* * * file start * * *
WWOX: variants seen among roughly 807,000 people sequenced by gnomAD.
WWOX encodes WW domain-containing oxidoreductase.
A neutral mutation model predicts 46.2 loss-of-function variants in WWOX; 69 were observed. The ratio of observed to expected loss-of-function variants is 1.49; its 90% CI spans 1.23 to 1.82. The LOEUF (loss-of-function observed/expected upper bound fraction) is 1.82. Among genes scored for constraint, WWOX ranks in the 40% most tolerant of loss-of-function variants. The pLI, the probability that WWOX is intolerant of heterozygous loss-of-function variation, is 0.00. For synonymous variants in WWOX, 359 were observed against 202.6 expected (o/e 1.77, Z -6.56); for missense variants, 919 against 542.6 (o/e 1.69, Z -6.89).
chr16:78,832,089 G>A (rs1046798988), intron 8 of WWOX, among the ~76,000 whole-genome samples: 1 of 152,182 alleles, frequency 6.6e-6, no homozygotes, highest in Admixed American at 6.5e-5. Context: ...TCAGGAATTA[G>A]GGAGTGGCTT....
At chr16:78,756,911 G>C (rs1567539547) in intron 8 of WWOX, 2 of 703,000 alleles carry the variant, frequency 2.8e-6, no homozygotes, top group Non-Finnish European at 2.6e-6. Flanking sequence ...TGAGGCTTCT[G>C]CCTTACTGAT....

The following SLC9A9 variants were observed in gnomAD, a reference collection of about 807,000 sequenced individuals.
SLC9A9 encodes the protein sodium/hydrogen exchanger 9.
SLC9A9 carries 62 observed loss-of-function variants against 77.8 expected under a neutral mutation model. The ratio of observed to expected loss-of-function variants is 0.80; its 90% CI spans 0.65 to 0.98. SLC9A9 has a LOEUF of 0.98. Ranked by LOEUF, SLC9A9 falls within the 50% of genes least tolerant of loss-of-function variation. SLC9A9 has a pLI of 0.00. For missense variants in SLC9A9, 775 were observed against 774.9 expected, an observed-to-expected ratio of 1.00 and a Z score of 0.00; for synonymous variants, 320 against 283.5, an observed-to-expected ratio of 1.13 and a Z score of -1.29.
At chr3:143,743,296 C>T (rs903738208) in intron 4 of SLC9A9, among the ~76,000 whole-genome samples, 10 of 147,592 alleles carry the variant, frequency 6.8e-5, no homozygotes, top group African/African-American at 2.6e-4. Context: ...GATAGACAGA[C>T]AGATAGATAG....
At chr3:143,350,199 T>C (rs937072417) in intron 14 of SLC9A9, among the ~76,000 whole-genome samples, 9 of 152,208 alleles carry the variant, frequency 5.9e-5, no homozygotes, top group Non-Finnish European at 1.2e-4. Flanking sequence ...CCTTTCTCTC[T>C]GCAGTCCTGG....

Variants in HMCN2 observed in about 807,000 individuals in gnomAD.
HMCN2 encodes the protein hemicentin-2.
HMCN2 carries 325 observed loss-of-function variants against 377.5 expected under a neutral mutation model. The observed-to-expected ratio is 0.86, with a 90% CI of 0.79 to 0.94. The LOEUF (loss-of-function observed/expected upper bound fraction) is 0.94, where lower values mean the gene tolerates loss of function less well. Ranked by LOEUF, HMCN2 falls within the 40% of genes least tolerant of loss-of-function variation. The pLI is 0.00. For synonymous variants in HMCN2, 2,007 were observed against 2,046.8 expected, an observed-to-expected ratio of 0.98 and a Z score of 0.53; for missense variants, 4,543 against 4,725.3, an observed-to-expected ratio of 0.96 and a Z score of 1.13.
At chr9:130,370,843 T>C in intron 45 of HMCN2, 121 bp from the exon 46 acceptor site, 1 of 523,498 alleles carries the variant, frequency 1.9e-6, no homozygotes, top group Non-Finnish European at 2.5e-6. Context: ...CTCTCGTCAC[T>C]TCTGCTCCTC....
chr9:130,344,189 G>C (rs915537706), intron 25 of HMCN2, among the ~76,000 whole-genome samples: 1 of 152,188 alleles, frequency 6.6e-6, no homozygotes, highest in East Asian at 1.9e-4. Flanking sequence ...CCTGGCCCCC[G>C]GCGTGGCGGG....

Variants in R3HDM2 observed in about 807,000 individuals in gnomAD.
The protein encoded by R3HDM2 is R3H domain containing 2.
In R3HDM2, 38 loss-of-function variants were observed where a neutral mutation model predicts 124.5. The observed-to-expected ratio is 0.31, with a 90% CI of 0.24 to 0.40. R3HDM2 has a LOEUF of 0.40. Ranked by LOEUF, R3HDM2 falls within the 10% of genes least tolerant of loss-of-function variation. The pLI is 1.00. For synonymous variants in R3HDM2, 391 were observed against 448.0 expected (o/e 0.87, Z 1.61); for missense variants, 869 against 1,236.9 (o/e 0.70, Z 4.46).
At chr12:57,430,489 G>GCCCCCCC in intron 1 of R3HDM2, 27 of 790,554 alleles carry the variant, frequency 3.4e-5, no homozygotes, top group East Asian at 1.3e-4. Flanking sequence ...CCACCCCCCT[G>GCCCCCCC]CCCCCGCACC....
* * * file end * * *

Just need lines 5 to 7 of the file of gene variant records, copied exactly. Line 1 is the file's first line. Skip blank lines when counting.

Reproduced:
At chr16:78,756,911 G>C (rs1567539547) in intron 8 of WWOX, 2 of 703,000 alleles carry the variant, frequency 2.8e-6, no homozygotes, top group Non-Finnish European at 2.6e-6. Flanking sequence ...TGAGGCTTCT[G>C]CCTTACTGAT....

The following SLC9A9 variants were observed in gnomAD, a reference collection of about 807,000 sequenced individuals.
SLC9A9 encodes the protein sodium/hydrogen exchanger 9.